The Long Island Museum of American Art, History and Carriages

formerly The Museums at Stony Brook

Stony Brook, NY

631-751-0066

http://www.longislandmuseum.org


 

A Painter's Studio is Everywhere: Paintings by William Sidney Mount

 

"A Painter's Studio is Everywhere: Paintings by William Sidney Mount," opened September 15, 2001 at The Long Island Museum. The exhibition, on view in the Member's Gallery of the Art Museum, features eleven paintings by the renowned American genre painter William Sidney Mount, from the museum's unparalleled collection of his works. The beauty of the exhibition extends beyond the art itself and lies in the insights provided by Mount's personal written accounts ofthe paintings - their meanings and the inspiration behind them. Archival pieces on view, including Mount's original diaries and letters, shed further light on the private thoughts of this publicly acclaimed figure. Despite the charming misspellings and grammatical errors, Mount's written words on everything from politics to morality to artistic techniques paint a bold picture all their own.

Among the works on view are Farmers Nooning (1836), which brings to light Mount's preoccupation with nature and sunlight. One of his diary entries in 1850 notes, "In painting a landscape - the shadows should be considered first; the more shadow, the more impressive the picture."

Mount also kept a record of his social calendar, including visits by other painters. On one such visit in October of 1848, his friend, artist Charles Loring Elliot, painted Mount's portrait. In his writings of it, Mount recounts "He has promised - sometime previous - that if I would sport a pair of moustaches, he would make me a present of my portrait. The hair and canvass was ready, and Elliot painted one of his best portraits. A man with a beard is nature in her glory." Catch this natural wonder, on view, in A Painter's Studio is Everywhere. (left: Charles Loring Elliot, William Sidney Mount, 1848)

 

Selected label text and wall text from the gallery exhibition

 

A PAINTER'S STUDIO IS EVERYWHERE

Paintings by William Sidney Mount (1807-1868)

 

William Sidney Mount was born in Setauket, Long Island, and as a young boy moved, along with his brothers and sister, to nearby Stony Brook with his widowed mother, to live with her extended family. He studied painting in New York City at the National Academy of Design, the nation's foremost art school, where his work was exhibited throughout his career. (left: William Sidney Mount, The Novice, 1847, oil on canvas, 0.1.4.992)

In his early years Mount primarily painted works with historical and literary themes. In 1829 the artist began to paint portraits and scenes from everyday life, or genre paintings. Mount's scenes of rural life immediately became popular, both in the United States and abroad. By the middle of the nineteenth century he was one of the most renowned artists in America, with more commissions than he could fulfill.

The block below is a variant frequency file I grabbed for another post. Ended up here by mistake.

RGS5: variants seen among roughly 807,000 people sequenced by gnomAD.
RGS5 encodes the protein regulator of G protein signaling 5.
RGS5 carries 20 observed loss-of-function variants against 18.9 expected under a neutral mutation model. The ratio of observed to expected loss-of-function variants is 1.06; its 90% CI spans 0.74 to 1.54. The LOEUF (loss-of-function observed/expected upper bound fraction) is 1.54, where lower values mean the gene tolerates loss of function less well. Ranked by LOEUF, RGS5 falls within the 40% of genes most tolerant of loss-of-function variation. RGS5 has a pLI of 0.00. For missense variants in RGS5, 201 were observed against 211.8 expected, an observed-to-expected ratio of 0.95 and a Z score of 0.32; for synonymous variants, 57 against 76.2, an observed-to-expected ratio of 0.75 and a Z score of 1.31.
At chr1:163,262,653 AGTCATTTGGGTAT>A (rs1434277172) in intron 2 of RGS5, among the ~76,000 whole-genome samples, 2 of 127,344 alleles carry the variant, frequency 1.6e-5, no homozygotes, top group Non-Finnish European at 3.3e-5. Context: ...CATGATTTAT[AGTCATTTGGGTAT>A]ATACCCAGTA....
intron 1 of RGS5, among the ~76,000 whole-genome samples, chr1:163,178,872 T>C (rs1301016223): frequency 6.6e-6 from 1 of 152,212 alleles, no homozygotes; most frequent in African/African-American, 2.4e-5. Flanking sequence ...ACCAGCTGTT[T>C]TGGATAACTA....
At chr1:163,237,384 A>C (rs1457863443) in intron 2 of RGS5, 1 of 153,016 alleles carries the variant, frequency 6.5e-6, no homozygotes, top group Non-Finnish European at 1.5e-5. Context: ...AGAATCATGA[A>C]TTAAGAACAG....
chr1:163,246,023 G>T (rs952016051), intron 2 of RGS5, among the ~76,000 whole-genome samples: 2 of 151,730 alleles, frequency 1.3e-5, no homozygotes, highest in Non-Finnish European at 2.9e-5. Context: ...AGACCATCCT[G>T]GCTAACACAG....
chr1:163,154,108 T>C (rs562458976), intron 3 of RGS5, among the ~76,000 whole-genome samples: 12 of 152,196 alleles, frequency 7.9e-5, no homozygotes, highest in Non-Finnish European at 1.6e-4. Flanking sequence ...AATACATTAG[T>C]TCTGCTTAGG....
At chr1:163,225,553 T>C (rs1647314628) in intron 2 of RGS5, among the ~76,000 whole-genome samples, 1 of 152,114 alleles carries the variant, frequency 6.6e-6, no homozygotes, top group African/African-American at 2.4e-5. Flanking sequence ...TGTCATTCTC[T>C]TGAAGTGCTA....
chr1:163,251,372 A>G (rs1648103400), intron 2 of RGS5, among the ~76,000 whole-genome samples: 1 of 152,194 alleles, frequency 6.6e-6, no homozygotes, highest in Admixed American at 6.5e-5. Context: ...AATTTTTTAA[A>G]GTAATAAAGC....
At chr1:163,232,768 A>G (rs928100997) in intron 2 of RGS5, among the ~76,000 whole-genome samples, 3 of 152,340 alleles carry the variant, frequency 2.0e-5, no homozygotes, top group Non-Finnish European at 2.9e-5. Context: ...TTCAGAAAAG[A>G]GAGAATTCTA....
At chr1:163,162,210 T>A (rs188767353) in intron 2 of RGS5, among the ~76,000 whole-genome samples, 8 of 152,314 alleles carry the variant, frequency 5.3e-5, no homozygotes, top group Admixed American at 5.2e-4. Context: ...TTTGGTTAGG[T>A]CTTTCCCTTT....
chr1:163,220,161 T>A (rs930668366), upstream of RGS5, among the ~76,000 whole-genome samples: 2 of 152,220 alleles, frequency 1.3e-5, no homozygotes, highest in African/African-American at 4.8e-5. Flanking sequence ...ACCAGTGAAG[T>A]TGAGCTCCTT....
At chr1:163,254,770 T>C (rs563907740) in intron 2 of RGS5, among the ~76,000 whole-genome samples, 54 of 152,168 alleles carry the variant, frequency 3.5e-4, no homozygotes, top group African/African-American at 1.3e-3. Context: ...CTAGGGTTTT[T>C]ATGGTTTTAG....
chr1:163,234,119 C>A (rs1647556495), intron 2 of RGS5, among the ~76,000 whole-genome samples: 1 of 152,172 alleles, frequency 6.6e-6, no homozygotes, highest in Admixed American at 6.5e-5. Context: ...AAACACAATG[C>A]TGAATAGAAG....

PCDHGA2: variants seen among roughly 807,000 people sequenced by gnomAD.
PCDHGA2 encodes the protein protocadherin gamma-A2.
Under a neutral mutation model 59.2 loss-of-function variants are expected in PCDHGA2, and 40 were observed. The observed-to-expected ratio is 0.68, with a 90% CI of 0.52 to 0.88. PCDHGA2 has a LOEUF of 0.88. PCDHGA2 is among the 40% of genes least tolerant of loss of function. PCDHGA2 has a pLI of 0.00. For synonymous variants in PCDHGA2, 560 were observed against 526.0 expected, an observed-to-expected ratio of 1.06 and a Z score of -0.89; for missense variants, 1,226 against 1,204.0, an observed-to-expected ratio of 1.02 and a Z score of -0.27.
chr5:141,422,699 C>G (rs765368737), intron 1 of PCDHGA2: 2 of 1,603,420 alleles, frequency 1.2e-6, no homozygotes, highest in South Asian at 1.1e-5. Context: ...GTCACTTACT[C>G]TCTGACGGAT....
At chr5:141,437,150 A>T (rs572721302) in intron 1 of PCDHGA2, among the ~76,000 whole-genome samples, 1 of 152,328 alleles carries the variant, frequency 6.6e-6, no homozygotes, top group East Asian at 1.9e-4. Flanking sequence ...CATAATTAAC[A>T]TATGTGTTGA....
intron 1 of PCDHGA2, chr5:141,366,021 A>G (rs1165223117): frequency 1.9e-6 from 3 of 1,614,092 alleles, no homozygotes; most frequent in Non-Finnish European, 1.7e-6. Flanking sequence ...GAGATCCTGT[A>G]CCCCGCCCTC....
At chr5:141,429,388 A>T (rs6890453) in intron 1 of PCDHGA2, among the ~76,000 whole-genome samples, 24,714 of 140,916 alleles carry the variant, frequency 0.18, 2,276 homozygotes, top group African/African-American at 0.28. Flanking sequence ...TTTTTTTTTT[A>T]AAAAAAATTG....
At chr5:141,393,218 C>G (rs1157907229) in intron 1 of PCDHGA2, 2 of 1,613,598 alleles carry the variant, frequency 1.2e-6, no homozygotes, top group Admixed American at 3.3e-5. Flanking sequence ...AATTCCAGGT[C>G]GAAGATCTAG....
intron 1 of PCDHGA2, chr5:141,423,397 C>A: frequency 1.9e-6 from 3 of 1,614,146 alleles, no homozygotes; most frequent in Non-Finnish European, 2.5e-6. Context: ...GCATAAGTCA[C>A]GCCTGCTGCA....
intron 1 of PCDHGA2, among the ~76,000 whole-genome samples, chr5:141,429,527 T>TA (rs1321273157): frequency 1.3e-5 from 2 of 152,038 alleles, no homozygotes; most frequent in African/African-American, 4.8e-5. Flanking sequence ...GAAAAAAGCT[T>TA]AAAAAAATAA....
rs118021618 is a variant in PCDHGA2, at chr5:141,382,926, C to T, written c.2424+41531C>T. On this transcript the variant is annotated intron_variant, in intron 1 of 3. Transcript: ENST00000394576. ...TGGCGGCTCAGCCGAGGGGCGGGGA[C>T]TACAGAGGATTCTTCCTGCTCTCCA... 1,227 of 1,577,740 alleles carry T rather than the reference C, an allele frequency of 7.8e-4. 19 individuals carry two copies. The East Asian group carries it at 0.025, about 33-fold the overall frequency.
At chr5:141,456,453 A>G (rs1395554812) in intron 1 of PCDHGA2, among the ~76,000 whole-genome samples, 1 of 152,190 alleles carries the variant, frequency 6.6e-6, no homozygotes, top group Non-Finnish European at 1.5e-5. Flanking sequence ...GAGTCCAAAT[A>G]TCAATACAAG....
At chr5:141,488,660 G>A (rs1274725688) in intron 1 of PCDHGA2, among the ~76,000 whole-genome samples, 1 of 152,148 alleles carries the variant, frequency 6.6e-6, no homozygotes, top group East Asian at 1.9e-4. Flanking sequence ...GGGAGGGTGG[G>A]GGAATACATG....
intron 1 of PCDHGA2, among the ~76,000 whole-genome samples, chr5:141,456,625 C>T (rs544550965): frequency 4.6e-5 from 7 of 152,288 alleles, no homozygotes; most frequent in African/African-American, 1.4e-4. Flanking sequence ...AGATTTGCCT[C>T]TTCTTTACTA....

While Mount had several opportunities to study abroad, he always declined, maintaining a strong nationalistic pride. He felt that such a trip might hamper his efforts to speak directly and simply to his fellow Americans through his genre paintings. Most of his famous works were created right here in Stony Brook.

Mount recorded everything. His diaries and correspondence ­ filled with misspellings and grammatical errors ­ include myriad opinions and observations on painting techniques, subjects for compositions, politics, music, morality, health, and the weather. These records greatly expand our insight into Mount's art.

Each of the labels accompanying the paintings has been taken directly from the vast written material that Mount left behind. At times, Mount speaks very generally about his works, discussing technique, mood and composition. At other times he speaks very specifically about his art, as he does with his work The Novice. These specific observations are extremely helpful to art historians, as they are often the only glimpse into the artist's mind during the creative process.

Do you like to paint or draw? Where is your favorite place to sit down and make a picture? William Sidney Mount, a painter from Stony Brook, thought that a painter should paint anywhere he liked. He even made a studio, or workshop, on wheels so that he could paint wherever he chose!

William Sidney Mount was born in Setauket, Long Island, on November 26, 1807. After his father died in 1814, he was sent to live with his uncle in New York City. At age seventeen, William went to work with to his older brother Henry, a sign painter, as an apprentice (someone who is learning a trade). Then he entered an art school called the National Academy of Design.

In 1829, William Sidney Mount came back to Long Island. He became famous for painting scenes of everyday life, called genre paintings. His paintings help us see what life was like over a hundred and fifty years ago.

Follow William Sidney Mount's palette [ILLUSTRATE ONE HERE] through the exhibit to explore how and why Mr. Mount painted as he did.

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Charles Loring Elliot (1812-1868), William Sidney Mount, 1848, Oil on canvas, Gift of Edith Douglass, Mary Rackcliffe and Andrew E. Douglass in memory of Mrs. Moses Douglass and Mrs. Scott Kidder, 1956

The last of Oct. 1848, Mr. Elliot made a visit at Stony Brook. He had promised ­ sometime previous ­ that if I would sport a pair of moustaches, he would make me a present of my portrait. The hair and canvass was ready, and Elliot painted one of his best portraits. A man with a beard is nature in her glory.
 
Diary entry, January 1854

William Sidney Mount's artist friend, Charles Loring Elliot, said he would paint his portrait, or a picture of him, if he agreed to grow whiskers. Mr. Mount did just that! How do we get pictures of our friends and family today?

 

Benjamin Franklin Thompson, 1834, Oil on canvas, Gift of Mr. and Mrs. Ward Melville, 1975